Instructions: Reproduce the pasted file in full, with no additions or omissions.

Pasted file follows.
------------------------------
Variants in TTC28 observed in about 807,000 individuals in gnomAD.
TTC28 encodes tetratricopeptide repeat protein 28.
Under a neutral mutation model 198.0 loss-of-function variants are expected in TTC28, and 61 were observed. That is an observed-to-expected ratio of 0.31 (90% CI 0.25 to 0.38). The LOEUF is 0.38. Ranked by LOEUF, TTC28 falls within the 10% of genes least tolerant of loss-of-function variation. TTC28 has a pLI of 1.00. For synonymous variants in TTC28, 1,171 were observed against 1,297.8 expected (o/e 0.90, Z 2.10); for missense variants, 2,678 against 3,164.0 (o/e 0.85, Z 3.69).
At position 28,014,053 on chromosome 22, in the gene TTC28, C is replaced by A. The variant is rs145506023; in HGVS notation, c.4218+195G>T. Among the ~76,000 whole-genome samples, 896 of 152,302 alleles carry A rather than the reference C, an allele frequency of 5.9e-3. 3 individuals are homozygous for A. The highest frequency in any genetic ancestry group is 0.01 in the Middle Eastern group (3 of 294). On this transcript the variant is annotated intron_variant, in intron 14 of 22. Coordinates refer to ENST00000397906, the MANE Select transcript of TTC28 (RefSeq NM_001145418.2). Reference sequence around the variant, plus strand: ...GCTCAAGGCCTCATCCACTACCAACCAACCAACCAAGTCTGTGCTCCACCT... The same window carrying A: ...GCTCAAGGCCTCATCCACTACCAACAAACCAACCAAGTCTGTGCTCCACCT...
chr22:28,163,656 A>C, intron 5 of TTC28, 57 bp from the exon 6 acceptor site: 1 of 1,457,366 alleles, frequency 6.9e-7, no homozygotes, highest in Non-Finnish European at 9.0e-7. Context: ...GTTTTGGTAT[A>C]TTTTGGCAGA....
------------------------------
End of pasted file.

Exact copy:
Variants in TTC28 observed in about 807,000 individuals in gnomAD.
TTC28 encodes tetratricopeptide repeat protein 28.
Under a neutral mutation model 198.0 loss-of-function variants are expected in TTC28, and 61 were observed. That is an observed-to-expected ratio of 0.31 (90% CI 0.25 to 0.38). The LOEUF is 0.38. Ranked by LOEUF, TTC28 falls within the 10% of genes least tolerant of loss-of-function variation. TTC28 has a pLI of 1.00. For synonymous variants in TTC28, 1,171 were observed against 1,297.8 expected (o/e 0.90, Z 2.10); for missense variants, 2,678 against 3,164.0 (o/e 0.85, Z 3.69).
At position 28,014,053 on chromosome 22, in the gene TTC28, C is replaced by A. The variant is rs145506023; in HGVS notation, c.4218+195G>T. Among the ~76,000 whole-genome samples, 896 of 152,302 alleles carry A rather than the reference C, an allele frequency of 5.9e-3. 3 individuals are homozygous for A. The highest frequency in any genetic ancestry group is 0.01 in the Middle Eastern group (3 of 294). On this transcript the variant is annotated intron_variant, in intron 14 of 22. Coordinates refer to ENST00000397906, the MANE Select transcript of TTC28 (RefSeq NM_001145418.2). Reference sequence around the variant, plus strand: ...GCTCAAGGCCTCATCCACTACCAACCAACCAACCAAGTCTGTGCTCCACCT... The same window carrying A: ...GCTCAAGGCCTCATCCACTACCAACAAACCAACCAAGTCTGTGCTCCACCT...
chr22:28,163,656 A>C, intron 5 of TTC28, 57 bp from the exon 6 acceptor site: 1 of 1,457,366 alleles, frequency 6.9e-7, no homozygotes, highest in Non-Finnish European at 9.0e-7. Context: ...GTTTTGGTAT[A>C]TTTTGGCAGA....